Philanthropy is Rocket Science

Private giving extends even into national defense.

A 15-year-old boy opens a newspaper and starts reading a science-fiction story about travel between Mars and Earth. The next thing you know, he’s spending all his time thinking about flying through space, and filling notebooks with scribbled ideas about how to make that happen.

Today, that’s not an unusual story. But when the teenaged Robert Goddard began to have his high-altitude dreams, it was 1899, and space travel was only a fantasy. But Goddard was passionate, serious, and stubborn—the ingredients of invention. 

As a student at Worcester Polytechnic Institute in Massachusetts, Goddard set out to make his imagined outcomes real, using science. He wrote speculative papers about high-speed travel in a vacuum. In 1907 he fired a cylinder filled with gunpowder in the basement of the college physics department. The resultant roar and cloud of smoke nearly got him expelled. Goddard continued on to graduate school at Clark University, and by 1912 he had worked out much of the math on using rocket propulsion to reach the moon. 

But even after he became a professor at Clark, he had no luck at getting other academics, or journalists, or government research groups to take him seriously. In Washington, federal officials just smirked at his visions. He tried to recruit engineers from MIT and other universities to work with him, but no one would sign on. 

In 1920, the New York Times printed a long editorial savaging Goddard for romanticizing moon travel. They said a rocket would be likely to explode, veer wildly, kill innocent bystanders. And the Times insisted that a rocket would fail altogether in the vacuum of space. “Professor Goddard,” sneered the article, “seems to lack the knowledge ladled out daily in high schools.” 

Scorched by these attacks, and unable to get adequate government or academic funding, Goddard had to pay for many of his experiments out of his own pocket. The costs soon overwhelmed his salary. Then in 1929, he was introduced to philanthropist Daniel Guggenheim. 

Americans know the Guggenheim family for building a mining fortune and founding a prominent art museum. But they also had a deep interest in flight and aerospace. Daniel’s son Harry volunteered in World War I as one of the first U.S. Navy pilots. Starting in the 1920s, the family became America’s patron saints of flight.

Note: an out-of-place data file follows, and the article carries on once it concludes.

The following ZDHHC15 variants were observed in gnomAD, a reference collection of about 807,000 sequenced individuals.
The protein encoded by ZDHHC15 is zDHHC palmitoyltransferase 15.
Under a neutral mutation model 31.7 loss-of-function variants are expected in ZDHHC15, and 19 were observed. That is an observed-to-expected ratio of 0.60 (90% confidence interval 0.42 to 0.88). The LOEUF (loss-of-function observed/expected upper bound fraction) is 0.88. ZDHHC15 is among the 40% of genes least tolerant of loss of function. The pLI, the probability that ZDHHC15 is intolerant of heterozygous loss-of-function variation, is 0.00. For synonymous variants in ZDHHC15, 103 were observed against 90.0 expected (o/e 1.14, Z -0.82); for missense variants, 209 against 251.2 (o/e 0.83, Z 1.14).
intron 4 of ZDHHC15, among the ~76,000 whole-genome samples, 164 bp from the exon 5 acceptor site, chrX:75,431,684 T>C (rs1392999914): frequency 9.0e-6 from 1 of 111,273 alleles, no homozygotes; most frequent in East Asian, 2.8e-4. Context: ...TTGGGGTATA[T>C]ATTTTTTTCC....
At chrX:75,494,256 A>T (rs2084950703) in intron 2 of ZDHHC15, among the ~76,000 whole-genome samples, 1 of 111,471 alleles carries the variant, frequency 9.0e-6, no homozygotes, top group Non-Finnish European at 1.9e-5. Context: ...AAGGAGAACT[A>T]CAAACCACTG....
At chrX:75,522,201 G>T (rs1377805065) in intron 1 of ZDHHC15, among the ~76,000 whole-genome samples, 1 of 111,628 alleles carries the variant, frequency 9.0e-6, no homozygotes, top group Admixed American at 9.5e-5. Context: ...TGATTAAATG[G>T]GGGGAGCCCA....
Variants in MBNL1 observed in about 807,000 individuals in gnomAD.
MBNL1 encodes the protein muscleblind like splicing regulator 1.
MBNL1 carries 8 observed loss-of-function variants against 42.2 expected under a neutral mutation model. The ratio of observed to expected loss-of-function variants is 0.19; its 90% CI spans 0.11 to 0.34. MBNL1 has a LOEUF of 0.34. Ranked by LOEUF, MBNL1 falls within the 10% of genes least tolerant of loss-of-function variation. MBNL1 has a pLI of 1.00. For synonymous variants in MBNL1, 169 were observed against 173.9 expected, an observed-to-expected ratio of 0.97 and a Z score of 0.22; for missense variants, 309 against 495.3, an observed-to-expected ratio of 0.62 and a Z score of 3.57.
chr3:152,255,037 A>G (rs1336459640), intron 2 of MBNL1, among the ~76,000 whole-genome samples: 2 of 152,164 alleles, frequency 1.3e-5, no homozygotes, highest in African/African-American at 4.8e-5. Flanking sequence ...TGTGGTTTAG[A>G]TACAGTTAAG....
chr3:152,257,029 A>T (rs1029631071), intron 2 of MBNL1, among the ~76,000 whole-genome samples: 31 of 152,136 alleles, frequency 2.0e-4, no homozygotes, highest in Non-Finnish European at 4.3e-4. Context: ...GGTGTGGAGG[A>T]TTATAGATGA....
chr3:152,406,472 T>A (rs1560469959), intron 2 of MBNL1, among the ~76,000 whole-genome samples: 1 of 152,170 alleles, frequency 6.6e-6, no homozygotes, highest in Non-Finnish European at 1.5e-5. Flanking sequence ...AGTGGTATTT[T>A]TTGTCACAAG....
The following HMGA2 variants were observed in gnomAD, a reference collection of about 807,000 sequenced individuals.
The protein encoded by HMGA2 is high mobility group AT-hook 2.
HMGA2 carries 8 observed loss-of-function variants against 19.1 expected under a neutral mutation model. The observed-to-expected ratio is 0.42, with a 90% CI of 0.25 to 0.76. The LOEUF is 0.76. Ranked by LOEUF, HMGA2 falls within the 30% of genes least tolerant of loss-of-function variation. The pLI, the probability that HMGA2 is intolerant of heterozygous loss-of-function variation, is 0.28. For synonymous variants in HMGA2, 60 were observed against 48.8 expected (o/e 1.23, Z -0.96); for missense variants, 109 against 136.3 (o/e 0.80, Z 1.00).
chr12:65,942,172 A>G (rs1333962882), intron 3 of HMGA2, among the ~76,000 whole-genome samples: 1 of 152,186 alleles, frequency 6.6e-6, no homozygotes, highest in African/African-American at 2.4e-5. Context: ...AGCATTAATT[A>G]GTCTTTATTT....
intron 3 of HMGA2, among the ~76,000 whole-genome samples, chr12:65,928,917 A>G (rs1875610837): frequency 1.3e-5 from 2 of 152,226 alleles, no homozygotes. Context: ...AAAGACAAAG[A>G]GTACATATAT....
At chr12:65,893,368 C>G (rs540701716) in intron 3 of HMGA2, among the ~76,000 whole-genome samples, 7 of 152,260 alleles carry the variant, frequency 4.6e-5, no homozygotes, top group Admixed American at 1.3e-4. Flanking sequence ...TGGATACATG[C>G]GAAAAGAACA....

Nearly all of our nation’s schools of aeronautical engineering on college campuses were set up by the Guggenheims—at MIT, Caltech, Stanford, Harvard, Syracuse, Georgia Tech, Michigan, and elsewhere. The Guggenheims also donated much of the money needed to make commercial flight practical. They gave large cash prizes for solutions to problems like bad weather and night landings. They paid for wind tunnels, and gyroscopes, and planes. They bankrolled weather-tracking services serving pilots, and gave loans for the purchase of the first commercial airliners. 

And the Guggenheims adopted Robert Goddard. At the very moment the government and academic establishments were ignoring or mocking him, the Guggenheims provided the salary, materials, and research expenses that allowed the shy genius to prove out his theories.

With Guggenheim money, Goddard set up an experimental base in New Mexico where he worked quietly for two decades, out of the public eye and scientific mainstream. More than once he offered findings to U.S. military officials, but no one understood the importance of what he was developing. Until German V-2 rockets began to terrorize Britain during World War II. 

Then Robert “Moony” Goddard was tracked down, and other scientists were astonished how much he had learned at his Guggenheim-funded base. Using Goddard’s work as the starting point, U.S. rockets were soon lifting vital payloads into orbit. America became the world leader in space propulsion, and the multi-stage engines fathered by Robert Goddard allowed Americans to be first on the moon, first in roving Mars, first to probe beyond the planets. 

The same federal government that had ignored Robert Goddard while he was living acknowledged, after his death, the nation’s debt to him and his private backers—by awarding to his widow and his financial patrons at the Guggenheim Foundation what was then the largest-ever government intellectual-property settlement. Robert Goddard earned 214 separate aeronautical patents, and even today every rocket and plane takeoff depends on many of his innovations.

Without Guggenheim funding for the academic labs that got the U.S. into the air, and the Guggenheim sponsorship of Robert Goddard, it’s quite possible the U.S. could have been an also-ran in aerospace. And if the pioneering discoveries in rocketry had been made in Germany or Russia instead of the sands of New Mexico, world history would have taken a different turn.  

One lonely scientist and the far-seeing philanthropic family that gifted him resources made all the difference.

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